Ah Spring, I’ve been waiting for you. Normally I enjoy a little winter, time to burrow in, and rest, but my burrowing feels more like bondage, and my resting more like restricted chaos. I’m ready to be born again, and if this turn of seasons doesn’t allow for that, I’m not sure what does. It’s not just me that needs a fresh look, feel, life – it’s my furnishings. My furniture, is forever relegated to the teenage years of trial and experimentation. No sooner does my sofa have one look, that I am looking to give her the next. A new seasonal trend, an influence from a trip across the pond, or through my Instagram feed, or of course a new home, is all the motivation I need, to want– so desperately want, to remake the little beauties.
Upholstery is an expensive endeavor, even for those like me, who have found a source, that does it on the relative cheap. Not to be mistaken with cheaply. No, Tho’s work, is a work of art, but still it adds up, and it leaves me wondering, with all my free time, why couldn’t I do that? Before you going slinging your arrows in my direction with all the reasons I couldn’t possibly, shouldn’t even consider doing, I know, or think I do, but I love to learn, and while I don’t have any expectation that I’ll be double welting, button detailing, coil springing, horse hair stuffing, stringing or any other complicated matters associated with the vocation, I would like to know how to measure the yardage that one might require for the object. Start at the beginning I always say.
The beginning interestingly, can be traced back to the 17th century. Upholsterers were called Upholders, which I think is a pretty amazing title to have and to hold. How about you? It’s so regal. I might even be willing to trade my relative new favorite – Curator of Interpretations in for this new one. The apprentices were relegated to far less noble titles – The Outsider or The Trimmer. I don’t think I want to be either of those, but somewhere you must start, and apparently they made your fringe existence known clearly. Upholders professions were expansive, as it turns out. They were not simply reupholstering furnishings in the homes, castles, or churches, they were managing the entire interior decoration. Often paired with a cabinet maker, they were making history.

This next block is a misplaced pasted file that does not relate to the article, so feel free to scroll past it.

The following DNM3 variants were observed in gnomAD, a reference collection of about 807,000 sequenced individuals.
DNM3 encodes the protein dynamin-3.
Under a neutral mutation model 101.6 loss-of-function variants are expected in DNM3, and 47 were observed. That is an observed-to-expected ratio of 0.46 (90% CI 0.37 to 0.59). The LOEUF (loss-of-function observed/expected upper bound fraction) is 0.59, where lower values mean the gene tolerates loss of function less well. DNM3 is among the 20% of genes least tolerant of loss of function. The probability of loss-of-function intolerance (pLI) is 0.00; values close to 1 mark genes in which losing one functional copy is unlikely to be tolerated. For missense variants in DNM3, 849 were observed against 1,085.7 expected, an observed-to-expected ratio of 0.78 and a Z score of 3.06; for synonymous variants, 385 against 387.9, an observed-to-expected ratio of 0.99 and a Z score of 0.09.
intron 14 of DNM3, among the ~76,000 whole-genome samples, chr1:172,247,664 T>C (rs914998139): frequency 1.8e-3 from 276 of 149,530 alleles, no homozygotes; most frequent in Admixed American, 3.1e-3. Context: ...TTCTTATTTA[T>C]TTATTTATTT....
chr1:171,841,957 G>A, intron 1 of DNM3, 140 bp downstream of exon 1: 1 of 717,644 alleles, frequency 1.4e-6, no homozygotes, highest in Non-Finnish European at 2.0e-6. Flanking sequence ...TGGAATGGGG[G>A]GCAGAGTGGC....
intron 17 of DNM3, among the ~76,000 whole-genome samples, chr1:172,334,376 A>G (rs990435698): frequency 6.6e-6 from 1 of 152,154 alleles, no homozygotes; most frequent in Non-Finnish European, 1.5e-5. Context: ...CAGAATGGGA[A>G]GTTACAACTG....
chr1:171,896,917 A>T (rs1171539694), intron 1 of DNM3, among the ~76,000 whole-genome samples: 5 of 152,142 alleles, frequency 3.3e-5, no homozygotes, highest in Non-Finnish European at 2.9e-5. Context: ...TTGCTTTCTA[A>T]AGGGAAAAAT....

I’m not attempting to make history here – at least not as an Upholsterer. I have noted over the years that fabric estimations seem to be off by quite a bit. It must be a cautionary approach – no one wants to be left with too little fabric for the job. That would be disastrous, but too much, ouch. The fabric that I select is expensive. Ridiculously so, if you want to know the truth. I’m left carrying it around with me from home to home, feeling guilty. All those dollars rolled up on a rod, doing me no good at all. I need accuracy. Having calculated my odds, I thought taking a class on upholstery might just be the Spring Semester lesson I need.